I was fortunate to have a childhood growing up sailing and swimming and diving all summer long, which fed into summer jobs as a sailing instructor, so from age 8 to 24, I lived in a swimsuit as part of my daily life from June-August. I am very very comfortable parading around in a swimsuit, as I’ve been so conditioned to do so. But friends and other women have commented on this apparent confidence, especially as my body has become less and less “acceptable” and the prescribed ideal of what a woman is supposed to look like in order to wear a swimsuit in public.
I say PHOOEY to that noise.
If I’m going to enjoy the summer, I best be outside soaking up as much Vitamin D as possible and lounging by a body of water, and the optimal wardrobe for that is indeed a swimsuit.
I don’t pretend like my body hasn’t changed, especially since carrying, birthing and breastfeeding two children, but that doesn’t mean I can’t find a suit that fits my current body shape and still makes me feel confident and sexy and ready for the practical demands of fun in the sun with two kids.
I have suits from my pre-baby years, and suits from my pregnancy/maternity/breastfeeding years, but I hadn’t invested in swimsuits for post-breastfeeding, post-pregnancy, preschool-kid toting life. While on a work trip in Florida, I had an afternoon to myself and a boutique overflowing in bathing suits at my disposal. I spent two hours scouring the racks, trying on suit after suit, and ultimately landed on this gem from Miraclesuit called the Network Jena. It was, in a word, fantastic. Fantastic color. Fantastic style. Fantastic fit. It held my body in place so that I didn’t have to worry about a rogue boob flopping out of the suit mid-leap into the pool or dive into the ocean. I could chase and play and splash with my girls without readjusting straps and fidgeting and constant attention to what I was wearing. Instead I could just be, in the sun, on the beach, by the pool, and feel great.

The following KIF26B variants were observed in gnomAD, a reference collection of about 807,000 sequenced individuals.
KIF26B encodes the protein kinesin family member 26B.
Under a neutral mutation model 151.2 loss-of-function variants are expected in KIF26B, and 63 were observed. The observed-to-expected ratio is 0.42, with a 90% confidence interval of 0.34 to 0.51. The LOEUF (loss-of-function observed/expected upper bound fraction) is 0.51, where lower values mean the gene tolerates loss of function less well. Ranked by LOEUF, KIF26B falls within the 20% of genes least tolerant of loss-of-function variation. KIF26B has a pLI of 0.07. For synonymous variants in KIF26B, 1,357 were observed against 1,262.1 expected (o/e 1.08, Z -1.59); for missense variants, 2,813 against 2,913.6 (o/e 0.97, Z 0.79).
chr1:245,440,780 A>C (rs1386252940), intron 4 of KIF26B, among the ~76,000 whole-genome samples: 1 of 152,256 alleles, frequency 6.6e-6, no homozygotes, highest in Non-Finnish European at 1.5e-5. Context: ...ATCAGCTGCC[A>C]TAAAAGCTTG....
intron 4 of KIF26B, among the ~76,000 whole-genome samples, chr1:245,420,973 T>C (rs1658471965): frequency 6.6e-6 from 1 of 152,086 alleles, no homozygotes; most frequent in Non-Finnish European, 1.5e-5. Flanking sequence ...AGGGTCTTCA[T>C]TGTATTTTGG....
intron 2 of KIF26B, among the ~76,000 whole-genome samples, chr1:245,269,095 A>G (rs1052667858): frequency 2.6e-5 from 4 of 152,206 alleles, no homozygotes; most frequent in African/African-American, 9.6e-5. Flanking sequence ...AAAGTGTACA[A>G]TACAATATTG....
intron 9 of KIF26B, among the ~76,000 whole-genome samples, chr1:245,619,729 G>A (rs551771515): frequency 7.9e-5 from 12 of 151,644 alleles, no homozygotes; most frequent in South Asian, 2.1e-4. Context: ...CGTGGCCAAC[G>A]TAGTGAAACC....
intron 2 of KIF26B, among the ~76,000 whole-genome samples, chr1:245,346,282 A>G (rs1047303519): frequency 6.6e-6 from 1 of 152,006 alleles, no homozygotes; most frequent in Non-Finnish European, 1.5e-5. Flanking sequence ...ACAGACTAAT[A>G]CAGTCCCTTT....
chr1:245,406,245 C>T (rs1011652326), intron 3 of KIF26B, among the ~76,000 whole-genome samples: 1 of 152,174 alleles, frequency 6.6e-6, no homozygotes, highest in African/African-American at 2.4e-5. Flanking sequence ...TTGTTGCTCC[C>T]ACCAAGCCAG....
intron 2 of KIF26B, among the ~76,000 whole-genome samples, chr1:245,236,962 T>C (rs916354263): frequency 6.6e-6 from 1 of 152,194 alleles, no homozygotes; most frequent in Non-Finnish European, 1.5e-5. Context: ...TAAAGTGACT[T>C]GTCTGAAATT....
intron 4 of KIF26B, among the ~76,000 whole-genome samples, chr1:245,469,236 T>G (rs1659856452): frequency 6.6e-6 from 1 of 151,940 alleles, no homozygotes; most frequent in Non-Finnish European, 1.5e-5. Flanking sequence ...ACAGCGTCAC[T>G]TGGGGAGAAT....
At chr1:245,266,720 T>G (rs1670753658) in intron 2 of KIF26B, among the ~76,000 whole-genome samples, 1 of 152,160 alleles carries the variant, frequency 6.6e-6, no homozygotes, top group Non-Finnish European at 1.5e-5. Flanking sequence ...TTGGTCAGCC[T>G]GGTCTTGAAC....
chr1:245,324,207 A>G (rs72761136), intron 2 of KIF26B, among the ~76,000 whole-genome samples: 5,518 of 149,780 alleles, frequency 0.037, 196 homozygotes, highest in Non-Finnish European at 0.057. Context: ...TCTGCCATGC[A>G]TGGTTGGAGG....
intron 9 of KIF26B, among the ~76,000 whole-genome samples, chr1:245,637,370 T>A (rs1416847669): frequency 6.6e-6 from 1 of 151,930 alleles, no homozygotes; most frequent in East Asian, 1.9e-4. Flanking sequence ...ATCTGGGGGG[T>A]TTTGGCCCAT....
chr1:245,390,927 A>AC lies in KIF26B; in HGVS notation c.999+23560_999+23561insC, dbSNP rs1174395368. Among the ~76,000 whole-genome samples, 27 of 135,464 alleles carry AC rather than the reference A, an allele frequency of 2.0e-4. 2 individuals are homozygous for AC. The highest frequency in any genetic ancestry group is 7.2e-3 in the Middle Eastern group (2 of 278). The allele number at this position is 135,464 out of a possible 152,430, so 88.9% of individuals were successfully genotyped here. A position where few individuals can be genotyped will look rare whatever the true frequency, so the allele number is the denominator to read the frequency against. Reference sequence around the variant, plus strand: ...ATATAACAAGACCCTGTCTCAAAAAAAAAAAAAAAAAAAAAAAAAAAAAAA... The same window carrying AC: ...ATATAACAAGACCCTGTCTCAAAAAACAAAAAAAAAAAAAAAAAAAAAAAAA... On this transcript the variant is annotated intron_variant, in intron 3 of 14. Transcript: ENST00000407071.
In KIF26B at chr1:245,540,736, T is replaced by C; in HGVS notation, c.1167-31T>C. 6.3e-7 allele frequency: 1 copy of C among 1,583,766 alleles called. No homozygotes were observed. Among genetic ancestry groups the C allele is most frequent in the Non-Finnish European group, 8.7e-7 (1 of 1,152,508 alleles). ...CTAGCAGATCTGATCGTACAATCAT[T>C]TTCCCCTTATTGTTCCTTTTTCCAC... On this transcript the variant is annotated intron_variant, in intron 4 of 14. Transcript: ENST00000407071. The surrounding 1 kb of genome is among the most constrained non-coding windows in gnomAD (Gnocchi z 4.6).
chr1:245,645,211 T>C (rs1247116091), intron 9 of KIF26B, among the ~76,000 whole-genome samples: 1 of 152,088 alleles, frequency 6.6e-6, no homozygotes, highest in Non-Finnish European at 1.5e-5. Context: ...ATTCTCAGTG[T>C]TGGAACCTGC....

I reached out to Miraclesuit about partnering for this column as I think about how to raise my daughters as women with healthy body image and balanced perspective on beauty and health and wellness constantly, and this suit and people’s reactions to it, gave me a new angle and food for thought. And because after trying on more styles by Miraclesuit, I am convinced that this brand knows how to design bathing suits for women of all shapes, sizes, and ages. And that is what we deserve. And maybe that confidence in finding a suit that is stylish and well-made and cut for one’s body properly regardless of size will help us women reclaim a place that is less about fitting society’s mold of beauty and more about celebrating who we are as unique individuals with life experiences that have literally shaped the very appearance of those bodies.
Maybe it’s a stretch, but never underestimate the power of a confident, carefree woman.
Here are some images of me wearing the Network Jena at Barton Springs Pool during our trip to Austin, TX last month. I’ll roll out more thoughts and styles next week, but hop to the bottom of the post for your chance to win a Miraclesuit of your choosing. And I’d love to hear your thoughts about any or all of the above ramblings. Thanks for joining me in this month long exploration, and remember, as cheesy as it may sound, you are, indeed, a miracle.
They’ll be three opportunities to win a Miraclesuit or Magicsuit of your choosing over the next month. That’s a winning of up to $180, three times! To enter this week’s giveaway follow the instructions below via Rafflecopter. Thank you for entering and for liking Blog a la Cart and Miraclesuit on Facebook and for following @blogalacart and @miraclesuitswim on Instagram. We’ll see you next week!
a Rafflecopter giveaway